In our 2015 book on the University of Pennsylvania’s postwar history, Becoming Penn, Mark Lloyd and the author proffered two possible interpretations of the Black Bottom as a place and space of community identity. The first, we wrote, was “that the concept of the ‘Black Bottom’ was an African American cultural construction to which white elites, prior to the clearances, were not privy.” The second possibility, we continued, was “that the concept acquired inflated significance after the removals as an identifier and rallying point for Unit 3’s black diaspora.” Edward Epstein, in his assiduously researched 2020 dissertation, adopts the former interpretation and persuasively cites oral history interviews with former residents, descendants of dispossessed families, and contemporary Black Bottom activists, to demonstrate that it was both a place and a space of communal identity extending back to the 1940s, if not earlier.2 Today a coalition called the Black Bottom Tribe, a number of whose members were Black Bottom youths in the 1960s, is calling for historical transparency from the institutions that engineered the displacements and for the erection of historical markers to honor the memory of the Black Bottom.

The Past Half-Century

The Science Center’s original headquarters was a converted industrial building at 3501 Market Street, purchased in 1965. It erected its first new buildings in 1969–1971. Between the 1960s and the Millennium, the Science Center evolved into a consortium of 31 educational and medical institutions from throughout the Delaware Valley. In the 1960s, Penn was the majority shareholder. Yet by the early 1980s, Penn’s involvement in the Science Center was desultory, its attention and resources narrowly focused on strengthening campus safety and security amidst escalating crime waves.

The first years of the Science Center were difficult. Beyond its successful recruitment of the Monell Chemical Senses Center in 1971, the Science Center Corporation was unable to attract other major corporations with research and design departments; to stay afloat, it leased office space to organizations that were not research oriented. The lots that had been cleared by urban renewal stood without buildings along Market between 36th and 38th streets. This district came to be defined by its crime-friendly surface parking lots.

Finally, in the early 1990s, the tide turned dramatically, and completion of the research park accelerated. The booming Clinton-era economy spurred building and investment along Market Street, which was sustained through the next quarter-century. The Science Center also benefited from a national Zeitgeist that favored the revitalization of so-called “legacy cities” by attracting a new generation of high-tech-minded, professional elites. Even more, the Science Center was the beneficiary of Penn’s and Drexel’s spectacular commercial developments and of the special services provided by the University City District, a partnership of the area’s anchor institutions, small businesses, and contributing residents that was inaugurated in 1997.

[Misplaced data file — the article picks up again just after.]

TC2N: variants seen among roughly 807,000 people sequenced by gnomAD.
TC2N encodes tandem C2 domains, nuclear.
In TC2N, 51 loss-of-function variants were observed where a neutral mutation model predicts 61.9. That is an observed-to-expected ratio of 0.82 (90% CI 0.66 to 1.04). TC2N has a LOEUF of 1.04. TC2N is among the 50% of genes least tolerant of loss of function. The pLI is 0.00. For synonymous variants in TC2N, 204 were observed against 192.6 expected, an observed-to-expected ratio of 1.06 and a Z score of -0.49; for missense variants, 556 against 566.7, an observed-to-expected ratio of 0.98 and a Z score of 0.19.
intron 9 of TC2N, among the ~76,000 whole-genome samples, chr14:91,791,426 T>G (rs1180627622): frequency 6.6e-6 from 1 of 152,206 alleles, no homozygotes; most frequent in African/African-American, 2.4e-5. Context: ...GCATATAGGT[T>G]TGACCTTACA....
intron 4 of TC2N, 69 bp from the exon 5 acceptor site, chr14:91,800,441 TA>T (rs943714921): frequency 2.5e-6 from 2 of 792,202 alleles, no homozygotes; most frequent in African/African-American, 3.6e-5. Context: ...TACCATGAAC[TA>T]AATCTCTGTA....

Amidst the prosperity and accomplishment of our time, reminders of history are few. But the destruction of the Black Bottom in the 1960s teaches lessons that are as important as the scientific advances being made in the towers that line Market Street today.

John Puckett is an emeritus professor of education at the University of Pennsylvania, where he taught education history and urban studies. He currently manages the website “West Philadelphia Collaborative History.”


1.          Reported in Karen Gaines’s to “all concerned” memorandum, 30 October 1968, University of Pennsylvania Archives and Records Center, UPA4, box 214, folder “SDS versus University City Science Center — Student Affairs 1965-1970.

2.          Edward M. Epstein, “Race, Real Estate and Education: The University of Pennsylvania’s
Interventions in West Philadelphia, 1960–1980” (Ed.D. diss., University of Pennsylvania, 2020)

Sources: A longer discussion, with full citation of sources, is in chapters 3 and 4 of John L. Puckett and Mark Frazier Lloyd, Becoming Penn: The Pragmatic American University, 1950–2000 (Philadelphia, University of Pennsylvania Press, 2015). Related discussions are in chapter 3 of Eric C. Schneider, The Ecology of Homicide: Race, Place, and Space in Postwar Philadelphia (University of Pennsylvania Press, 2020); chapter 4 of Margaret Pugh O’Mara, Cities of Knowledge: Cold War Science and the Search for the Next Silicon Valley (Princeton, N.J.: Princeton University Press, 2005); and Edward Epstein’s dissertation, cited in note 2. A history of the Science Center to the 2010s, based in part on Science Center records 1963–2004, is in John L. Puckett, “University City Science Center,” Encyclopedia of Greater Philadelphia, online 2014,

Diana Lind is the author of Brave New Home: Our Future in Smarter, Simpler, Happier Housing (Bold Type Books, 2020).